The Industrial revolution has helped the English merchants accumulate a lot of capital from the countries of Asia, Africa and America. They now wanted to invest this wealth in setting up industries and trade with India.

During this time there was a class of manufacturers in England who benefited more from manufacturing than trading. They were interested in having more raw materials from India as well as sending their finished goods back. Between 1793 and 1813, these British manufacturers launched a campaign against the company, its trade monopoly and the privileges it enjoyed. Ultimately, they succeeded in abolishing the East India Company’s monopoly of Indian trade. With this India became an economic colony of Industrial England.

Textile Industry and Trade

Earlier, Indian hand loom had a big market in Europe. Indian textiles such as cotton, linen, silk and woollen goods already had markets in Asia and Africa. With the coming of industrialisation in England, the textile industry there made important headway.

There was now a reverse of the direction of textile trade between Britain and India. There was a massive import of machine made clothes from English factories to Indian markets. This import of large amount of products manufactured by mechanical looms in England led to increase threat for the handicraft industries as the British goods were sold at a much cheaper price.

The British succeeded in selling their goods at a cheap price as foreign goods were given free entry in India without paying any duty. On the other hand, Indian handicrafts were taxed heavily when they were sent out of the country. Therefore, within a few years, India from being an exporter of clothes became an exporter of raw cotton and an importer of British clothes. This reversal made a huge impact on the Indian hand loom weaving industry leading to its virtual collapse.

The main aim of the British was to transform India into a consumer of British goods. As a result, textile, metal work, glass and paper industries were soon out of work.

By 1813, the Indian handicrafts lost both their domestic as well as foreign market. Indian goods could not compete with the British factory-made products where machines were used. These markets were now captured and monopolised by Britain by means of war and colonisation.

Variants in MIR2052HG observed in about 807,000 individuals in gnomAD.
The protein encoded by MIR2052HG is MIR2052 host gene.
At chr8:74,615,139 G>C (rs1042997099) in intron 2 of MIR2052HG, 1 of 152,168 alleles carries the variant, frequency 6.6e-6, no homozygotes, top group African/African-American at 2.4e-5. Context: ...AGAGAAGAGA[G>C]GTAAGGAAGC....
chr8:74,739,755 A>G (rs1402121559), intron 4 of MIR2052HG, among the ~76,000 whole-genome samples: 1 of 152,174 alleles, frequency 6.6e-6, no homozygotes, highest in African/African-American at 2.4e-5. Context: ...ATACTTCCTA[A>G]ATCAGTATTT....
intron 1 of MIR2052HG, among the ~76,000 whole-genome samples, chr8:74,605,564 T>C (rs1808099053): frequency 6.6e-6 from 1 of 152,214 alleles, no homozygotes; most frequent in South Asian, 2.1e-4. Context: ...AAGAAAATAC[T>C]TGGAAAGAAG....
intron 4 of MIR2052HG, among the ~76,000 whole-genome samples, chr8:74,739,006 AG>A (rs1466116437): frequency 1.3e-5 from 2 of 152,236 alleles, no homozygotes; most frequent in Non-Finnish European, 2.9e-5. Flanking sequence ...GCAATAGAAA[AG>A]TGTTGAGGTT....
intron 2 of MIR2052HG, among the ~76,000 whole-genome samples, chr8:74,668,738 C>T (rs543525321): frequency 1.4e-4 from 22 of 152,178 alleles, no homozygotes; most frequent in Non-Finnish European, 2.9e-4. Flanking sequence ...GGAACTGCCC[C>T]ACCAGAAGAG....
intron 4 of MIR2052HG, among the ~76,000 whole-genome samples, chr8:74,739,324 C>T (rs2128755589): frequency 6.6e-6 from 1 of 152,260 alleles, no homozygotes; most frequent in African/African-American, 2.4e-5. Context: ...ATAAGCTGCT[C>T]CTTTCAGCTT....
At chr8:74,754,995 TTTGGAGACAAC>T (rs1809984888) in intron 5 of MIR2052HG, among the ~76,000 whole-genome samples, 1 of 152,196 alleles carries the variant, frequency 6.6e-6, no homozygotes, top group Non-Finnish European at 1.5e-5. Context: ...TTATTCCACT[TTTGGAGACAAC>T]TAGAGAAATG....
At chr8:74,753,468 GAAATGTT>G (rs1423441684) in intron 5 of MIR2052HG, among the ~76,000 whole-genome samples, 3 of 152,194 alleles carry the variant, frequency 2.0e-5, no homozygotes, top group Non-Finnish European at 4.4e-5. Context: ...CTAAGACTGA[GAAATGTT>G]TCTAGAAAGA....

From an exporter India became an importer of these goods. They extracted money from the Indian rulers, merchants, zamindars and even the common people. Added to this drain were the profit made through trade and also the salaries of the officials. It was evident that their economic policies were meant to serve the interests of the East India Company and later the British Empire.

Land Revenue Policy and Land Settlements

Since ancient times, the main source of livelihood for the people were agriculture. Hence, land tax had formed a principal source of revenue for all the emperors all over the world.

In the 18th century, the main occupation of the Indian people were agriculture. Earlier the British had come to trade with India. Gradually they wanted to conquer the vast territory of India for which they needed a lot of money. They also needed money for trade, projects of the company as well as for the cost of running the administration.

In 1765, the Mughal emperor appointed the East India Company as the Diwan of Bengal. As Diwan, the Company became the chief financial administrator of the territory under its control. Now, it had to think of administering the land and organizing its revenue resources.

The British carried out a number of land revenue experiments which caused hardship to cultivators. They extracted taxes from the farmers to finance their policies and war efforts. Direct and indirect means were carried out to bring about this collection of revenue for the British. This affected the lives of the people who could not meet their daily needs because they had to provide the landowners and the collectors their share in the produce. Local administration failed to provide relief and natural justice to the rural poor.